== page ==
District Elections and Campaign Financing

Don Gosney


Two weeks ago, Walnut Creek Attorney Scott Rafferty acted on the Threat Letter he sent the City demanding that Richmond stop electing members of their City Council with At Large elections.  Even though 75% of the members of the Council over the past 25 years have been minorities (with the current Councilmembers being 100% minorities), Attorney Rafferty claimed that minorities could not get proper representation on the Council unless they were elected representing districts drawn based on ethnicity.

Rafferty_RFR.jpgThis is an extremely controversial issue in cities and school districts up and down the state with attorneys reaping large compensation—$30,000 just for writing the letter.  If the government body challenges people like Attorney Rafferty, whether successful or not in their challenge, they would be liable to pay Attorney Rafferty’s legal fees.  [Since he is his own attorney, the legal fees go straight into his own pocket.  In 2018, he took $318,000 out of the WCCUSD classrooms.]

There are fans of district elections but they mostly want neighborhood representation.  he idea of segregating a community based on their ethnicity is too reminiscent of the days when old white men would draw districts to ensure that only white people could get elected.

Now that district elections in Richmond are a done deal, it’s the details that need to be hammered out.  The city and residents are focusing on how to draw the district boundaries but they haven’t even considered campaign financing yet.

Like with a lot of elected bodies, campaign contribution limits help to ensure that special interest groups don’t purchase undue influence over an elected official.  Of course, independent expenditures (IEs) which are used to support a candidate or cause without any involvement of the candidate, invalidate the intent of campaign contribution limits [In the past two elections for seats on the WCCUSD Board of Education, charter school groups spent more than $1.25 million in IEs to get three of their four candidates elected.]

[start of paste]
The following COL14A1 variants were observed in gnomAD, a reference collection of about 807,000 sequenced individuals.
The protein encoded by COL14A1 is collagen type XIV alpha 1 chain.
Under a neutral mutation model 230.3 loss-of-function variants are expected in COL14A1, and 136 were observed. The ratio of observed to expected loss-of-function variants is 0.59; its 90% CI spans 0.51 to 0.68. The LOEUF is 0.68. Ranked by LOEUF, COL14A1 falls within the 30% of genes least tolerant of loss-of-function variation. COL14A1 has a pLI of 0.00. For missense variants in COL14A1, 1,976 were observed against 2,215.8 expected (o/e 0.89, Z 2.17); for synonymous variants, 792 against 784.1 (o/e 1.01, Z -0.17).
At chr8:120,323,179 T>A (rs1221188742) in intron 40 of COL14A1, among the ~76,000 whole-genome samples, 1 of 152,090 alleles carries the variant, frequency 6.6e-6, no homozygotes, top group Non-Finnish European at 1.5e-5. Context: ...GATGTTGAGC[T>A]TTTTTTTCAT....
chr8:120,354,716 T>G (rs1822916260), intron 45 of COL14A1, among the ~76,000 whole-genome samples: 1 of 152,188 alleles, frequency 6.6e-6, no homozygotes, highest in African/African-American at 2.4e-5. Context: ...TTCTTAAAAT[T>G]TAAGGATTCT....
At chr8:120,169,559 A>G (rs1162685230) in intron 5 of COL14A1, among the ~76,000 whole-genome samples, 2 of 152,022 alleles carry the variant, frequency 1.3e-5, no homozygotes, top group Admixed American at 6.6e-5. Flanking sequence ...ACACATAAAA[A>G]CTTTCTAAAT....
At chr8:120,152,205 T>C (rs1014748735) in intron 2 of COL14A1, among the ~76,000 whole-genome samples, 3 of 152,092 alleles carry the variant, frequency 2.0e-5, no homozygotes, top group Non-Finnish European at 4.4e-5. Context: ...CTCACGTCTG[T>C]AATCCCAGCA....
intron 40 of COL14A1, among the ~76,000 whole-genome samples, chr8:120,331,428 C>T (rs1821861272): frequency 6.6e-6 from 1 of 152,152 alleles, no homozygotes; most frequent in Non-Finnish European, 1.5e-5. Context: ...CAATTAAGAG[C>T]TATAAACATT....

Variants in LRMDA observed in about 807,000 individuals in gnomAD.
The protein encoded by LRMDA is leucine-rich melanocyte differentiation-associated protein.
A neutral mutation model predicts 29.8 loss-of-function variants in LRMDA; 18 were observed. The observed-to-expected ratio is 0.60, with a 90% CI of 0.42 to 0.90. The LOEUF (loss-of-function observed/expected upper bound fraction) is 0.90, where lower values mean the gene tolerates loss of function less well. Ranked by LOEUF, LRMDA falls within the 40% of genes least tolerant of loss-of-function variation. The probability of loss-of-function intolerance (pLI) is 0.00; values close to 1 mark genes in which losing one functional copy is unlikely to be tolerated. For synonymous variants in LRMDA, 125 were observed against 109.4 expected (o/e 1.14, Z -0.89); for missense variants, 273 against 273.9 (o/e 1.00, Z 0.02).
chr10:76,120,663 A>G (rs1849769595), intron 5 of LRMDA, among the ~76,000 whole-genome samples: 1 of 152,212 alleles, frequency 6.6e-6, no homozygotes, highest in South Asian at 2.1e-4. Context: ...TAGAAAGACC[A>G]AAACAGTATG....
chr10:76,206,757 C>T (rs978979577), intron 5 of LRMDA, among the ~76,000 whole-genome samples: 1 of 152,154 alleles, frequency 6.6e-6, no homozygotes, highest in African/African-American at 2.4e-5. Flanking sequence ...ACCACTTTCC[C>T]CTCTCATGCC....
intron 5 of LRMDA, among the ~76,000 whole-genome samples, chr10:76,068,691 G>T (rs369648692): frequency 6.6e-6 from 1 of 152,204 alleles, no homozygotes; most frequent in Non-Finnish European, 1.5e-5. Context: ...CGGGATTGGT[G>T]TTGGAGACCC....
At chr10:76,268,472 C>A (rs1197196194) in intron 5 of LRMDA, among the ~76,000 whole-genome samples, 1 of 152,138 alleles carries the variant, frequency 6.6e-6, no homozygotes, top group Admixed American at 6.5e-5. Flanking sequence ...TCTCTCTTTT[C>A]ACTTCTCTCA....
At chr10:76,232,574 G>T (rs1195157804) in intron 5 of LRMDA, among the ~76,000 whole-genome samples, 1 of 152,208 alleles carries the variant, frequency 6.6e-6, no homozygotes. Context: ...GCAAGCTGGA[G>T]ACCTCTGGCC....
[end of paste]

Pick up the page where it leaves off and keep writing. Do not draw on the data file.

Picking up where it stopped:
To help ‘level the playing field’, many communities have matching funds where taxpayers are tasked with paying for the campaigns of candidates (even if they don’t support the candidates).

Richmond has both matching funds and campaign contribution limits.

One of the arguments made for using district elections in Richmond is that instead of having to campaign to the 29,206 homes with registered voters as residents, because there will be six districts, a candidate will only need to campaign to fewer than 5,000 homes.

With the cost of campaigning be reduced by approximately 84%, shouldn’t the campaign contribution limits also be reduced by 84%?  And shouldn’t the matching funds be similarly reduced?

Richmond currently limits contributions to $2500 per election cycle from any one contributor.  One sixth of that would limit the maximum contribution to less than $417.

One argument made by people against district elections is that with the current limits, “buying” influence would be significantly easier for the numerous special interest groups. Public employee unions, labor unions, businesses and even other elected officials might take advantage of the current $2500 limit to curry favor.

Several of our neighbors seeking election once the district elections take place are already taking advantage of this loophole and are amassing large campaign war chests.  Some potential candidates have run for a seat on the Council before but the electorate found other candidates better qualified.  They now believe that with district elections and without adjusted campaign contribution limits and matching funds, their chances of sitting on the Council have been significantly increased.  This is often referred to as ‘buying the election’.

Radio Free Richmond calls on the Council to immediately introduce legislation to make the appropriate adjustments and to implement these new limits BEFORE these opportunistic candidates load up their campaign accounts.

Since the Mayor’s seat will still be an At Large election, the current contribution limits and matching funds should remain the same.

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